As national parks and protected lands experience coronavirus closures, many have reported increased activity among wildlife. The same can be said for Austin’s Wild Basin Wilderness Preserve, according to Barbra Dugelby, director of the Wild Basin Creative Research Center.
The Wild Basin encompasses 227 acres of Texas Hill Country habitat, which Dugelby said has been thriving since the preserve closed about a month ago.
There are 13 motion-activated game cameras installed throughout the trails, and Dugelby and several other essential staff members have been using the footage to monitor how the wildlife is responding to the lack of visitors.
“For the first time in probably 15, maybe 20 years, we’ve observed a wild turkey on the trails,” Dugelby said. “When the preserve was founded 45 years ago, there were wild turkeys, but they’ve since disappeared.”
The cameras have also spotted bobcats and coyotes near the visitor’s center and trailhead for the first time; Dugelby said those areas are normally bustling with people.
After only one month, there has been a reemergence of flora in areas where staff had previously been struggling to achieve growth.
“The wildflowers are really abundant on the edge of the trails,” Dugelby said.
Prior to the reduction of visitors brought about by the pandemic, hikers would occasionally stray off the designated trail, forming what Dugelby referred to as “social trails.” She said the regrowth of flora has been especially abundant in those areas.
The park’s research team is also gearing up to implement an acoustic study this summer.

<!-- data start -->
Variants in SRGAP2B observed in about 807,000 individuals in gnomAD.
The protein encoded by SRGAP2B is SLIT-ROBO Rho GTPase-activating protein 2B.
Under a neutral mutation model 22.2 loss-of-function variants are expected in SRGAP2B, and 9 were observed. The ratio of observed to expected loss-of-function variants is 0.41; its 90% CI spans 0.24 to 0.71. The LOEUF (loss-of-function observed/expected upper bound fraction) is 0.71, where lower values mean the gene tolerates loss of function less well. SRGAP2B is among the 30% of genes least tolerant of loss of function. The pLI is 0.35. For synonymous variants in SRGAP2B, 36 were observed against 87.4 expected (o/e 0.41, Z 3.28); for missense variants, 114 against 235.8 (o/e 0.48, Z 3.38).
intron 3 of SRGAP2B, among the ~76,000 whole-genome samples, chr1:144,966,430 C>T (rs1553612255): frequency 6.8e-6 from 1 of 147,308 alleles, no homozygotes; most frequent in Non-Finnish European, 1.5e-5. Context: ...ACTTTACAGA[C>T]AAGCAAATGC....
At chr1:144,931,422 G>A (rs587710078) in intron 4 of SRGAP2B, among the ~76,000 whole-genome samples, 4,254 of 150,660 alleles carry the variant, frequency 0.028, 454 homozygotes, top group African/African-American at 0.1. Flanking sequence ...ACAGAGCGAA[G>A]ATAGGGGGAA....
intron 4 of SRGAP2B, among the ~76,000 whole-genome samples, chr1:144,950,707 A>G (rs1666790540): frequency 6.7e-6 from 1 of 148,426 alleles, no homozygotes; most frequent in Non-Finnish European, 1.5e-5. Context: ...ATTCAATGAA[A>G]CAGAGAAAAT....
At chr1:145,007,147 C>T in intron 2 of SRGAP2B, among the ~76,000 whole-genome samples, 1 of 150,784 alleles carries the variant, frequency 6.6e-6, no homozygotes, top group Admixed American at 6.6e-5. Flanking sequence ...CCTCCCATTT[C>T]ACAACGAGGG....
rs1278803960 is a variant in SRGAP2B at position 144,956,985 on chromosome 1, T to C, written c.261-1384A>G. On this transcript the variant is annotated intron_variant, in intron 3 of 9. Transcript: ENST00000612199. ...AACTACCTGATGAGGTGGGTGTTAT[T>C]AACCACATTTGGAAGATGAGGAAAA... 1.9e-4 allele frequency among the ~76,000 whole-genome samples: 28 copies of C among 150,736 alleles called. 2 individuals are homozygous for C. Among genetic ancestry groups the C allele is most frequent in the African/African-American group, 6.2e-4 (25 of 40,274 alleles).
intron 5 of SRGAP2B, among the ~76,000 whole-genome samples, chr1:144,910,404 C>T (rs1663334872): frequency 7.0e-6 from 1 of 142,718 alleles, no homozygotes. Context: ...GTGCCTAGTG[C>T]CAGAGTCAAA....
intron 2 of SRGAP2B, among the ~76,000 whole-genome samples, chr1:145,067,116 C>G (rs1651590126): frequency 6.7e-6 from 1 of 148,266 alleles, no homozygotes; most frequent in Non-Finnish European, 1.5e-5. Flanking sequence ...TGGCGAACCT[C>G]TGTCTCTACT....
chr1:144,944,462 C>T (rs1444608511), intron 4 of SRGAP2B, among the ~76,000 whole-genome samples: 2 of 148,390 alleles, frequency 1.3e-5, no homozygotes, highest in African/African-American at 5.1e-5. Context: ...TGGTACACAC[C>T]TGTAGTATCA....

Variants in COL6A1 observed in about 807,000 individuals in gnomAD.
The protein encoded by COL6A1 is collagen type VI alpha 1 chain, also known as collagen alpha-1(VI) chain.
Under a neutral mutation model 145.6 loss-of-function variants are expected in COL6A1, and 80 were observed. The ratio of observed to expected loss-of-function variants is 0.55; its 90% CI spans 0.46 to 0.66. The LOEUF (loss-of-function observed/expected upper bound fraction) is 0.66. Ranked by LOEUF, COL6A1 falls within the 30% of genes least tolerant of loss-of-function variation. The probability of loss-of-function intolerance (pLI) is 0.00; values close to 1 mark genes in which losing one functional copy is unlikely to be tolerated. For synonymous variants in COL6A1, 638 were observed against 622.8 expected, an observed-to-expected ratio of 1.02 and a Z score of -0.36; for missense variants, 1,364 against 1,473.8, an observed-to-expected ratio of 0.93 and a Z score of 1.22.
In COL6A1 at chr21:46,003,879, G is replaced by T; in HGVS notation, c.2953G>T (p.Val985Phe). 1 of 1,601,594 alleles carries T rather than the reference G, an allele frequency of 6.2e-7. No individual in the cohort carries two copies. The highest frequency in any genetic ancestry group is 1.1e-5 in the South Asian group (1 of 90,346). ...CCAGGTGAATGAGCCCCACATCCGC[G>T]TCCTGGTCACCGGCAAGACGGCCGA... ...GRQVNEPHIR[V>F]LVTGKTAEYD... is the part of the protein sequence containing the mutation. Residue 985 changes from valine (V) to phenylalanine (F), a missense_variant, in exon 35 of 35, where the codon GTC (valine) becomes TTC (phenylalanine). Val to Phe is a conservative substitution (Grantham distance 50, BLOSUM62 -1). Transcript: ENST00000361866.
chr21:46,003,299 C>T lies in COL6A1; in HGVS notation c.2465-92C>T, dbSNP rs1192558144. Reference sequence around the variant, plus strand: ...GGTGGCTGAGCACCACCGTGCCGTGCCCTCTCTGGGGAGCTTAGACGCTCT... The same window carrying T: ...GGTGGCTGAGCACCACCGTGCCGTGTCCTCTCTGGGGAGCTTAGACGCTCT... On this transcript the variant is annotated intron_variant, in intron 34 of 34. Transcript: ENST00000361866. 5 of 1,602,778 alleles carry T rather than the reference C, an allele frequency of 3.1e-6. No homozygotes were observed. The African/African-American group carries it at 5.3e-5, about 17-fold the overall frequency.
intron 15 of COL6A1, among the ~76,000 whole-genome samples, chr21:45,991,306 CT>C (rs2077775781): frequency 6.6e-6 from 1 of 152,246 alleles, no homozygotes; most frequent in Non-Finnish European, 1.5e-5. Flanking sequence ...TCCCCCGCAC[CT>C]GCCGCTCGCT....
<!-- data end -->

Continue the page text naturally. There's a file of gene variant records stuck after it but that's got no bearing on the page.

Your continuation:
“We’re actually just about to start a preserve-wide sound study to document how human and other noises affect wildlife,” Dugelby said.
Home to a number of protected species, the Wild Basin is nestled along the Capital of Texas Hwy., which emits a large amount of noise pollution from nearby traffic.
Over the years, as the highway became more active, the endangered Golden Cheeked Warbler nested further from the roadway, according to monitoring from a biologist within the park.
Dugelby and staff said they hope to use this knowledge to further educate the community on how easily humans can impact wildlife. She said this may be accomplished through the use of interpretative graphics or additional signage within the preserve.
The Wild Basin has only been closed to the public a handful of times since it was established. Dugelby said the preserve is ready to welcome hikers back when it is deemed safe and that she hopes visitors will practice “leave no trace” principles, which include leaving flora and fauna alone and remaining on the designated trails as much as possible.
“We look forward to the day—hopefully soon—when the crisis has passed and we can welcome you all back to the preserve trails, visitor center and educational activities,” Dugelby wrote in the preserve's community newsletter.